Aram Alexanian

One of the “precious” (not actually in the “Gollumnal” sense of the word, but almost) pleasure of being a comic collector for 50 yrs, is the magic of finding something you’d thought you’d never come across. In the last couple of weeks, Walter Durajlija and I have managed to unearth a World War II WECA treasure trove in our own back yard. Geekiness (bow to The Big Bang Theory) can sometimes be good.

Walt, Alene, and Ivan with Aram Alexanain original art.
Walt, Alene, and Ivan with Aram Alexanain original art.

Most of you who live in the “Golden Horseshoe  that extends from Toronto to Niagara Falls will be familiar with a persistent set of TV ads about local flooring and carpet company: Alexanian’s, which at one time in the eighties had its flagship store across the street from the Hamilton branch of The Silver Snail just past the corner of King and Walnut streets. I recently became aware of the fact that one of the WECA period Bell Features artists/creators – Aram Alexanian – indeed belonged to this family. Walt and I did some inquiries and got in touch with The Hamilton Spectator’s local interest/history columnist, Jeff Mahoney and, after finding out that Aram Alexanian’s daughter Alene was the family’s custodian of her father’s comic book work, we initiated a photo-op and column that eventually, to our chagrin and pride, appeared front and centre of the Feb. 7 edition of the Spectator.

A prototype for Super Commando splash from a 6 pg. story.
A prototype for Super Commando splash from an unplublished 6 pg. story.

Aram created Super Commando who appeared in Joke Comics 12-16 and The Black Falcon in Wow Comics 19-22 and 24-5. He also did the war strips, “Action in the Pacific” which appeared in Joke Comics 18, Dime Comics 20-21 and Commando Comics 13-14. Joke Comics 18 also has a crime strip by Alexanian entitled “The Purple Gang.”

Splash page from Commando Comics 14
Splash page from Commando Comics 14

Aram Alexanian was born in 1928 and died far too young in the spring of 1988. He began working on comics, like quite a few war time artists, while living in New York City at the age of 15 and ghosted many portions of a few of the central golden age features for about a year. He returned to Canada in 1944 and worked for Bell Features. After the war he came back into the family business and at the beginning of the 1950s became manager of the newly opened Alexanians in Ottawa. During the fifties he sports themed panels for The Hamilton Spectator. After his own father (and founder of the Alexanian enterprise) Aris’ death in 1960, Aram eventually came back to Hamilton to help run the business from the King St. E. store. He would still frequent the Silver Snail and often have lunch with Stuart, one of its manager. Alene, his daughter, informs us that comics were always a big part of his life, that he attended many cons, continued to pick up current issues, and that Will Eisner was among his favourite artists.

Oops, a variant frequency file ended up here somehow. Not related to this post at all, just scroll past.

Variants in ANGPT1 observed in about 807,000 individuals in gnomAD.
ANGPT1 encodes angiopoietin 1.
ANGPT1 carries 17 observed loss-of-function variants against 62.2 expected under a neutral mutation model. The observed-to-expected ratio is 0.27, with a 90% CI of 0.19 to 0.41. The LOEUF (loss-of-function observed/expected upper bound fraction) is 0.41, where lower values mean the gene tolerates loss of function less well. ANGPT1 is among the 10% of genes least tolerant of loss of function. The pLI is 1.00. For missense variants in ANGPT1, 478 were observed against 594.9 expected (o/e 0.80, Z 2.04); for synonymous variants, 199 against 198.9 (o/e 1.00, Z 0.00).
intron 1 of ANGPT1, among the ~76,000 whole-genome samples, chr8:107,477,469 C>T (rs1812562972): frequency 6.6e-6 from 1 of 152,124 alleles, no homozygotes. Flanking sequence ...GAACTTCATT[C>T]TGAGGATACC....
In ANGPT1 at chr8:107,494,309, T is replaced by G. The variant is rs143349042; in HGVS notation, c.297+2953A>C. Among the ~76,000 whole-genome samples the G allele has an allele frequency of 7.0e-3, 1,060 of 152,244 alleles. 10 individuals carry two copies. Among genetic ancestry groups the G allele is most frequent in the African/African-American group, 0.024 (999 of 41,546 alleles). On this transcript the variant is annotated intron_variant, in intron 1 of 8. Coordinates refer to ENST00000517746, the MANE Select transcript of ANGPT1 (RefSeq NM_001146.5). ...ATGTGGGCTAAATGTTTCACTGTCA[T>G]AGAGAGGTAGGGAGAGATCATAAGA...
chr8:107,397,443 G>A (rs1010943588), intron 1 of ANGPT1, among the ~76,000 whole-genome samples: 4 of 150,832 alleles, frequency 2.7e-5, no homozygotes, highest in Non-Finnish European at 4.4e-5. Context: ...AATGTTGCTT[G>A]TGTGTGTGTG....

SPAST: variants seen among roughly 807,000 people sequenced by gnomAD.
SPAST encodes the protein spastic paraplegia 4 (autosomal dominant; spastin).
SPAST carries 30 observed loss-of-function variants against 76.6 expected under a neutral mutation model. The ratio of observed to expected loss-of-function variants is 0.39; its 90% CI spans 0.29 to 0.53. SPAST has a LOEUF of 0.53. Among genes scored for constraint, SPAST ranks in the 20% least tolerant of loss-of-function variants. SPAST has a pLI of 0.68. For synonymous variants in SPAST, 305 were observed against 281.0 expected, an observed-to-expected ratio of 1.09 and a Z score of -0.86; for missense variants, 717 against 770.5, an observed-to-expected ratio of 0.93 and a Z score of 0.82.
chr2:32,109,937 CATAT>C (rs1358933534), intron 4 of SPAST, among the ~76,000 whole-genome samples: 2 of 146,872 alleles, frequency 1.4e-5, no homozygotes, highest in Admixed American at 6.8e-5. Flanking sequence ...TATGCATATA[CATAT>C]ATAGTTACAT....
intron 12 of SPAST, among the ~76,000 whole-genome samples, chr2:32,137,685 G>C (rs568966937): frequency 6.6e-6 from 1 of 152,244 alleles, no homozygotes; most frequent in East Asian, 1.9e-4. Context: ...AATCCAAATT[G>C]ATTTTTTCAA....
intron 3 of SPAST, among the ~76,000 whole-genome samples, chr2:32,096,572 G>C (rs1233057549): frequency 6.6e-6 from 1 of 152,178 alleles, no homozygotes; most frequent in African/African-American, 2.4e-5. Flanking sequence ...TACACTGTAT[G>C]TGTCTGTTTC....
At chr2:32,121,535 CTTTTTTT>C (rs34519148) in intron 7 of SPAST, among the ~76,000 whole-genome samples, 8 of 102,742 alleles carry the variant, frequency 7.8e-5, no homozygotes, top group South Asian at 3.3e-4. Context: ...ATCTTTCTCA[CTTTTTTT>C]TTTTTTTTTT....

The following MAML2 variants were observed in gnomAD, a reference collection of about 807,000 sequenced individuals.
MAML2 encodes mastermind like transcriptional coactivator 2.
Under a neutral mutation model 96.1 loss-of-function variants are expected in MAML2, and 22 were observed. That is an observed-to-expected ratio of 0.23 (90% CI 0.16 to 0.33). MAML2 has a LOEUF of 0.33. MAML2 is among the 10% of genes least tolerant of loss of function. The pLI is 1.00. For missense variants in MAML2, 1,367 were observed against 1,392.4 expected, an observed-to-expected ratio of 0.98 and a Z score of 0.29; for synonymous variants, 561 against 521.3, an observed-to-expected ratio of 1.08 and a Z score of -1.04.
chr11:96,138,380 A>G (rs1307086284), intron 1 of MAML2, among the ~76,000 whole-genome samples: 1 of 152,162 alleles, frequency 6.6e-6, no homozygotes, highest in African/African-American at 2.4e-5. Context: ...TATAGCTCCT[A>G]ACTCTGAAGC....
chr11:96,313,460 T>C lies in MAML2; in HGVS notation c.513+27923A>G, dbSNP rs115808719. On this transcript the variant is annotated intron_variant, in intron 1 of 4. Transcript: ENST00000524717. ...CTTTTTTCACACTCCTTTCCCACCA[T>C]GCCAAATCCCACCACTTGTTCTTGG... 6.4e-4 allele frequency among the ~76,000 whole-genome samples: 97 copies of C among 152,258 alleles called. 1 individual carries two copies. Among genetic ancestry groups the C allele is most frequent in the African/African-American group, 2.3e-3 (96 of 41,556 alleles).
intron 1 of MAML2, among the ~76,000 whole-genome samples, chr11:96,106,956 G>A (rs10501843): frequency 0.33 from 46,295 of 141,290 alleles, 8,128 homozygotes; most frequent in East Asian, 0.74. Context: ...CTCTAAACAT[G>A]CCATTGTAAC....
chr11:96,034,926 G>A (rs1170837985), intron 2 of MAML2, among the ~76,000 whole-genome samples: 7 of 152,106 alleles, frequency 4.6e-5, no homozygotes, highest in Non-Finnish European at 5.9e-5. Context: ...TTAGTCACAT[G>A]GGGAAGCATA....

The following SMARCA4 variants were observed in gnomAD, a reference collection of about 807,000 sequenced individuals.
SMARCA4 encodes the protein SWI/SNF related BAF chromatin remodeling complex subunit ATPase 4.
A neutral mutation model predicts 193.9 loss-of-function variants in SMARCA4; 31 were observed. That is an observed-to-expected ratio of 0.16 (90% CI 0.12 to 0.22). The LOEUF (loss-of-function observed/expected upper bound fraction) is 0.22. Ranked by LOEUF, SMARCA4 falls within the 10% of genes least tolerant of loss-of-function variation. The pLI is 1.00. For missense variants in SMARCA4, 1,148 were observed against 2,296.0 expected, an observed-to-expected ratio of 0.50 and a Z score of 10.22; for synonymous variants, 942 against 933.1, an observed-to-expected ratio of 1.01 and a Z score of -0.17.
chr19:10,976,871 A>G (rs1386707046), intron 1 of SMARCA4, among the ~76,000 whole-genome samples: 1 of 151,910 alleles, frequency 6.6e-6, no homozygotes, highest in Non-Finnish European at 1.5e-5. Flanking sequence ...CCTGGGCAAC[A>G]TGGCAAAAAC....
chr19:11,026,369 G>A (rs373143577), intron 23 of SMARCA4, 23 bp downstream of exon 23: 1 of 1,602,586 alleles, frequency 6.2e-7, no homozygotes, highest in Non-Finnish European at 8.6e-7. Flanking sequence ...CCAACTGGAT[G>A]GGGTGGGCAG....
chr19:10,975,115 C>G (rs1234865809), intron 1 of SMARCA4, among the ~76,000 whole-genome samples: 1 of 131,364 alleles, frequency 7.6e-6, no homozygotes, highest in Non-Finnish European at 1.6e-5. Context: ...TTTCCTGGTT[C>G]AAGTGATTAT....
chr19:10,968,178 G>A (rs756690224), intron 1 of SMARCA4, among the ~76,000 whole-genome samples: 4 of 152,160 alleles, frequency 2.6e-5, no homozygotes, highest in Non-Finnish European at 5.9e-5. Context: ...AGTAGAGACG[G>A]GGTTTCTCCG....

Aram Alexanian in 1986, two years before his death.
Aram Alexanian in 1986, two years before his death.

Good on ya, Aram! And thanks for representing Hamilton in the Grand Constellation of Canadian Comic Art.

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Ivan Kocmarek

Grew up in Hamilton's North End. Comic collector for over 50 yrs. Recent interest in Canadian WECA era comics.

Articles: 173


  1. BRILLIANT detective work, and score, Ivan and Walt! This is the kind of trove of info that keeps collecting comics so much fun. Yep, it’s times like this that makes one proud of their Geekhood. Way to go!

    Despite passing too early, It’s nice to know that Aram did live long enough to know that his work was appreciated.

    Tojo being turned into calamari has always been a fave Golden Age of mine.

  2. Thanks for the supportive comment, Jeff. I hope that this is just the beginning of much more to come.

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